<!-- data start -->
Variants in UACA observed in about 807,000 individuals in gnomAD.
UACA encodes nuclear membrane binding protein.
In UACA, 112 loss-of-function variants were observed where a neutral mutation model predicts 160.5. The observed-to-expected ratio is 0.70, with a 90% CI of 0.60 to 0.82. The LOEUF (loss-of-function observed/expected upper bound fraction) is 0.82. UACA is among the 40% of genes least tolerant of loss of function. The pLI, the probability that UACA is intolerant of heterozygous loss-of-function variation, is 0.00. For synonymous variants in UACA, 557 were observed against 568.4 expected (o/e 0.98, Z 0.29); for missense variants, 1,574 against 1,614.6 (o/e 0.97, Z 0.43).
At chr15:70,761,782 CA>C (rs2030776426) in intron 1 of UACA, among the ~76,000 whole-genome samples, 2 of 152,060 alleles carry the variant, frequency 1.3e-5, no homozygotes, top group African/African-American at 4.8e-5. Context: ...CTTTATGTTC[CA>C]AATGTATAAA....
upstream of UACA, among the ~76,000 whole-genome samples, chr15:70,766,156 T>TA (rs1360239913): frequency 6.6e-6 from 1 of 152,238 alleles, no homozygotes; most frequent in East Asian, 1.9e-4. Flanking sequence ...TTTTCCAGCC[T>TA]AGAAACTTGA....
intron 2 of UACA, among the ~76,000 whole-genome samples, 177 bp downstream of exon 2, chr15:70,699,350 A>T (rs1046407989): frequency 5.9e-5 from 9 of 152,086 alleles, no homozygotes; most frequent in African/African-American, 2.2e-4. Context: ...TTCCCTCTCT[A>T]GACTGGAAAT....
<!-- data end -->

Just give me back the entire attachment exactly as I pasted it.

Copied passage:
Variants in UACA observed in about 807,000 individuals in gnomAD.
UACA encodes nuclear membrane binding protein.
In UACA, 112 loss-of-function variants were observed where a neutral mutation model predicts 160.5. The observed-to-expected ratio is 0.70, with a 90% CI of 0.60 to 0.82. The LOEUF (loss-of-function observed/expected upper bound fraction) is 0.82. UACA is among the 40% of genes least tolerant of loss of function. The pLI, the probability that UACA is intolerant of heterozygous loss-of-function variation, is 0.00. For synonymous variants in UACA, 557 were observed against 568.4 expected (o/e 0.98, Z 0.29); for missense variants, 1,574 against 1,614.6 (o/e 0.97, Z 0.43).
At chr15:70,761,782 CA>C (rs2030776426) in intron 1 of UACA, among the ~76,000 whole-genome samples, 2 of 152,060 alleles carry the variant, frequency 1.3e-5, no homozygotes, top group African/African-American at 4.8e-5. Context: ...CTTTATGTTC[CA>C]AATGTATAAA....
upstream of UACA, among the ~76,000 whole-genome samples, chr15:70,766,156 T>TA (rs1360239913): frequency 6.6e-6 from 1 of 152,238 alleles, no homozygotes; most frequent in East Asian, 1.9e-4. Flanking sequence ...TTTTCCAGCC[T>TA]AGAAACTTGA....
intron 2 of UACA, among the ~76,000 whole-genome samples, 177 bp downstream of exon 2, chr15:70,699,350 A>T (rs1046407989): frequency 5.9e-5 from 9 of 152,086 alleles, no homozygotes; most frequent in African/African-American, 2.2e-4. Context: ...TTCCCTCTCT[A>T]GACTGGAAAT....